The current era of embedded reporters and palm-sized digital cameras has allowed images to surface that have brought the Iraq and Afghanistan wars home with startling intimacy and power. Yet the soldier’s-eye view can be limiting too, or in the case of the Danish documentary Armadillo, a little redundant. Following a few young Danes to a base in Afghanistan’s Helmand province, the film bears such a close resemblance to Restrepo, Tim Hetherington and Sebastian Junger’s chronicle of American soldiers in the deadly Korengal Valley, that the comparison is inevitable and slightly unflattering. Both are right there in the trenches as the bullets whiz by, both catch the fear and defensive bravado of young men in over their heads, and both note the breakdown in communication between the military and the civilians they’re trying to project. Restrepo simply does it more compellingly.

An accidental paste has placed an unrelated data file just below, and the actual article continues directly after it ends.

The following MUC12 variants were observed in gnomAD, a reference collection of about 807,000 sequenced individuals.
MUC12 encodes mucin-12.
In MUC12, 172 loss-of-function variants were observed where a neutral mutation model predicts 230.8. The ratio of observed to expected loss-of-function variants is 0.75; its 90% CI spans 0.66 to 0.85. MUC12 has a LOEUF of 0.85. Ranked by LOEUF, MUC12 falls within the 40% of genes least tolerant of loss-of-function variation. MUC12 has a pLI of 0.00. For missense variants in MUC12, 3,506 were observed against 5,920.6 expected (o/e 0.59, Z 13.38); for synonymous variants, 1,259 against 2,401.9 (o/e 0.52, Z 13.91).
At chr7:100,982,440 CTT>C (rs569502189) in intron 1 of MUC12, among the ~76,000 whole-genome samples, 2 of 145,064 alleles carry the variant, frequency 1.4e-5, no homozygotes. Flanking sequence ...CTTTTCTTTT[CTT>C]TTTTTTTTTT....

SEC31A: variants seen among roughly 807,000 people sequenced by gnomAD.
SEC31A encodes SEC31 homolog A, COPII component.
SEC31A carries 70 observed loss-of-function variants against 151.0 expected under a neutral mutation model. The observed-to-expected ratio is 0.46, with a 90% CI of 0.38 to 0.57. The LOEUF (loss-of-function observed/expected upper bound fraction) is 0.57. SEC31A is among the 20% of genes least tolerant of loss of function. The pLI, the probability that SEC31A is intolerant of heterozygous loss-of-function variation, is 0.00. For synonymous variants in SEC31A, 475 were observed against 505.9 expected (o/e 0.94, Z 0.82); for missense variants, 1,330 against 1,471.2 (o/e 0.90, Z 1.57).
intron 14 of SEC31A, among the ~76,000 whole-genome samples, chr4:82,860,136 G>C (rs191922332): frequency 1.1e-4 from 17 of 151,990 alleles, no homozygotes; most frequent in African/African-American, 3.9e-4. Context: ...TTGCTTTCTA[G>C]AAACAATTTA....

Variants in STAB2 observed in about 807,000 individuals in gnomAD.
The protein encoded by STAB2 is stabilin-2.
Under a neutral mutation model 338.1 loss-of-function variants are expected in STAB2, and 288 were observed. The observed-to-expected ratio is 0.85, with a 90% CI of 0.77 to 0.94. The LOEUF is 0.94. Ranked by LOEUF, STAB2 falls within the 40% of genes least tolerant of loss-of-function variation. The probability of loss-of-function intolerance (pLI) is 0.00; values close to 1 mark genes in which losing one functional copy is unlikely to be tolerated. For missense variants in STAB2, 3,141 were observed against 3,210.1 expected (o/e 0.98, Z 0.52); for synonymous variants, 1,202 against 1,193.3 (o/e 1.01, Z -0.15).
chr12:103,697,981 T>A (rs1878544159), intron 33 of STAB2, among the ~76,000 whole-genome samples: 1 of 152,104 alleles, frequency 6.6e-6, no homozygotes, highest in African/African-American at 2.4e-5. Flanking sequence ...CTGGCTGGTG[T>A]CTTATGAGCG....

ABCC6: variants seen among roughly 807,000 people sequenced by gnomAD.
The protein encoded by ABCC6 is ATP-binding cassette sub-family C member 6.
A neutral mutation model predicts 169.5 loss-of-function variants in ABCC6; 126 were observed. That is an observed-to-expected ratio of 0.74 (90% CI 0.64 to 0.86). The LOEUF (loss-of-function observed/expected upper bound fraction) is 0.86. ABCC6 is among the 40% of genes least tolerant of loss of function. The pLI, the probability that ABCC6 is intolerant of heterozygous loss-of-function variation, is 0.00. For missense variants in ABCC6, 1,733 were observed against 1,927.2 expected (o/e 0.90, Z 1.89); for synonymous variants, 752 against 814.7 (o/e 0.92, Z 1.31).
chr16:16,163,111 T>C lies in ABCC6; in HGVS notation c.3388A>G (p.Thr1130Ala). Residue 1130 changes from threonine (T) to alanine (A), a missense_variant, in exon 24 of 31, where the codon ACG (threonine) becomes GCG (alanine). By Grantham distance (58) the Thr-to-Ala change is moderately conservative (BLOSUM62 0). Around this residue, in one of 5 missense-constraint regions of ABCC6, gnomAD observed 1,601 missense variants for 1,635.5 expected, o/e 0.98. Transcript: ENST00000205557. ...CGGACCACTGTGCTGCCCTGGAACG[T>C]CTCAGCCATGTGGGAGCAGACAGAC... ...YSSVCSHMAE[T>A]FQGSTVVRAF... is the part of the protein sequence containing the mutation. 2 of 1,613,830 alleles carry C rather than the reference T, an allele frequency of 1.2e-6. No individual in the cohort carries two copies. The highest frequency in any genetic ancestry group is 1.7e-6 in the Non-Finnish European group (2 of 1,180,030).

Covering a six-month deployment to southern Afghanistan, Armadillo follows four Danish soldiers of varying temperaments and job descriptions: Mads and Daniel have a gung-ho attitude in sharp contrast to their loved ones’ anxiety; platoon commander Rasmus coolly looks toward other leadership opportunities; Kim is a medic. What’s interesting about Armadillo’s subjects is how differently they and their American counterparts perceive the war: Based on their on-camera interviews, Restrepo’s American kids are so shaken by the things they’ve witnessed that they seem likely to be haunted for the rest of their lives. For their part, the Danes are either having more of an adventure or covering up their trauma with chest-thumping braggadocio; almost to a man, they’re ready to come back for more. Between engaging with the Taliban and hanging out in the barracks, they seem oddly content with the situation. The aftermath of a Green Zone firefight introduces a note of ambiguity to their presence there, but Armadillo doesn’t make the ill feelings stick.